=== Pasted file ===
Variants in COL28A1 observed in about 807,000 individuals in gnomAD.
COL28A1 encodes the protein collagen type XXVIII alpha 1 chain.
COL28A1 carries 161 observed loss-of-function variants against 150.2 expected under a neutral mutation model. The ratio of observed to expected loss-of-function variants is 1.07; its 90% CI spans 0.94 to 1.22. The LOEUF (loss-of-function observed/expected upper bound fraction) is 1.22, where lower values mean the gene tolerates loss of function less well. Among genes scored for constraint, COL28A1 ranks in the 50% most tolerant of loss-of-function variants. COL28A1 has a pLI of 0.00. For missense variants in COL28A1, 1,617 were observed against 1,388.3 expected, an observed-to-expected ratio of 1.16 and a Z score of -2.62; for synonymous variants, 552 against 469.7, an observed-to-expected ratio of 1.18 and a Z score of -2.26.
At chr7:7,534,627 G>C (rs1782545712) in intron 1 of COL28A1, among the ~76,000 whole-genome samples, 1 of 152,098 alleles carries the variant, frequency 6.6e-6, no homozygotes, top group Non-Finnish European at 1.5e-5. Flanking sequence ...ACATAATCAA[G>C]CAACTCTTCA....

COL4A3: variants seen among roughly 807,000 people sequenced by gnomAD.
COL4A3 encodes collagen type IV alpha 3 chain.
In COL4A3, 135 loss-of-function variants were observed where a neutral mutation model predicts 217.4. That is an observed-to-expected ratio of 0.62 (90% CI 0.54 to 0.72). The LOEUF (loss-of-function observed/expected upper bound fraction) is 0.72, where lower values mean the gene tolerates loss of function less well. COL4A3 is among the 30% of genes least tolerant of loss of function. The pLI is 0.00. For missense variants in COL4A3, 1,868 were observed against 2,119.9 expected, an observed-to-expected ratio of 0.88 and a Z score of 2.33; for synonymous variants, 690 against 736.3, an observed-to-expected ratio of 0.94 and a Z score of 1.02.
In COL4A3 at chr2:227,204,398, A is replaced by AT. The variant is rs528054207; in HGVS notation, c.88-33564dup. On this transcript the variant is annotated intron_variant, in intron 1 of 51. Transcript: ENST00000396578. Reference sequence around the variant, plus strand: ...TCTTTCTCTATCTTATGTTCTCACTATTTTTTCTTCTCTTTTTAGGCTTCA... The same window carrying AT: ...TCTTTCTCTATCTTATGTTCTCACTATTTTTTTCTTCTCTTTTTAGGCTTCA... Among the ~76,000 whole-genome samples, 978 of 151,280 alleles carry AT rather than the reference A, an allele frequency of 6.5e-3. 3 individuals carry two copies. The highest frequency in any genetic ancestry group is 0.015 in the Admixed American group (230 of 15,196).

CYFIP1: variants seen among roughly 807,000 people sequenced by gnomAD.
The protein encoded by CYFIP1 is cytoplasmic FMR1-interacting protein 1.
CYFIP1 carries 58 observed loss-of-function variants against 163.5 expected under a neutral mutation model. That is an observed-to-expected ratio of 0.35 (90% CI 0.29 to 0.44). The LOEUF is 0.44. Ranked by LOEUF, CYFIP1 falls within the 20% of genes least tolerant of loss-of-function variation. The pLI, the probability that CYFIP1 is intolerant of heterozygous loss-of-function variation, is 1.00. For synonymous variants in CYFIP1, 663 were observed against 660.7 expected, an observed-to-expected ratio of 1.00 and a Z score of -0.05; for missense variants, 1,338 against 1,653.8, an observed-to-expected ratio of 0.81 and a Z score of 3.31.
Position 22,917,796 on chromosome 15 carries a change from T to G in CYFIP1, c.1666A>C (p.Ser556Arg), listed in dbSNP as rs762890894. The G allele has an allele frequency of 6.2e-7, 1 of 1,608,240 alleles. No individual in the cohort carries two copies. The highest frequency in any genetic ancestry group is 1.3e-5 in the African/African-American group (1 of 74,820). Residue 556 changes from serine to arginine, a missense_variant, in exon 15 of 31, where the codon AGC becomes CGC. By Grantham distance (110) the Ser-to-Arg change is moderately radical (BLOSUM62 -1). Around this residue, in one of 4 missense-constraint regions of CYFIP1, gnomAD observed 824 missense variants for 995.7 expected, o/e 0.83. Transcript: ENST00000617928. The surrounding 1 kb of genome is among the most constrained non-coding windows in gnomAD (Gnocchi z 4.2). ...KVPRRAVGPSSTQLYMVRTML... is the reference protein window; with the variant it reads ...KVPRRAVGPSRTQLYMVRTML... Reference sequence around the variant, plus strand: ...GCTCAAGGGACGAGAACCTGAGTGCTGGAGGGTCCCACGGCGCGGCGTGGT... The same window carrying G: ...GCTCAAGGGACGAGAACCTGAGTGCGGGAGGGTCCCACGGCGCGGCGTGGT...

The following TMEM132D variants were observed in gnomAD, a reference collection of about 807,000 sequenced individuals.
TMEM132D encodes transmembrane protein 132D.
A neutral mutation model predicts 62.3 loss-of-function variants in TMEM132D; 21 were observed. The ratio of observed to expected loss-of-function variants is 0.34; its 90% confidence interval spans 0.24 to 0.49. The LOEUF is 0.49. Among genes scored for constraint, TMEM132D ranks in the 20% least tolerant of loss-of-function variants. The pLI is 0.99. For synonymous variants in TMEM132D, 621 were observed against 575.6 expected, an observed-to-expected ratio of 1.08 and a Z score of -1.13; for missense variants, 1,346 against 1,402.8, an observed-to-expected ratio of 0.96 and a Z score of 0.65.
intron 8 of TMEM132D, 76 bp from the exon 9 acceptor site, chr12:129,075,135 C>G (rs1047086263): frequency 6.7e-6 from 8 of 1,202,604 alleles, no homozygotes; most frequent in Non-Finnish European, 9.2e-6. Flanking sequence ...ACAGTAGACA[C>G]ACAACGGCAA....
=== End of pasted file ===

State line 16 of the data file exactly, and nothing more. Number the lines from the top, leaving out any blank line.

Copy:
intron 8 of TMEM132D, 76 bp from the exon 9 acceptor site, chr12:129,075,135 C>G (rs1047086263): frequency 6.7e-6 from 8 of 1,202,604 alleles, no homozygotes; most frequent in Non-Finnish European, 9.2e-6. Flanking sequence ...ACAGTAGACA[C>G]ACAACGGCAA....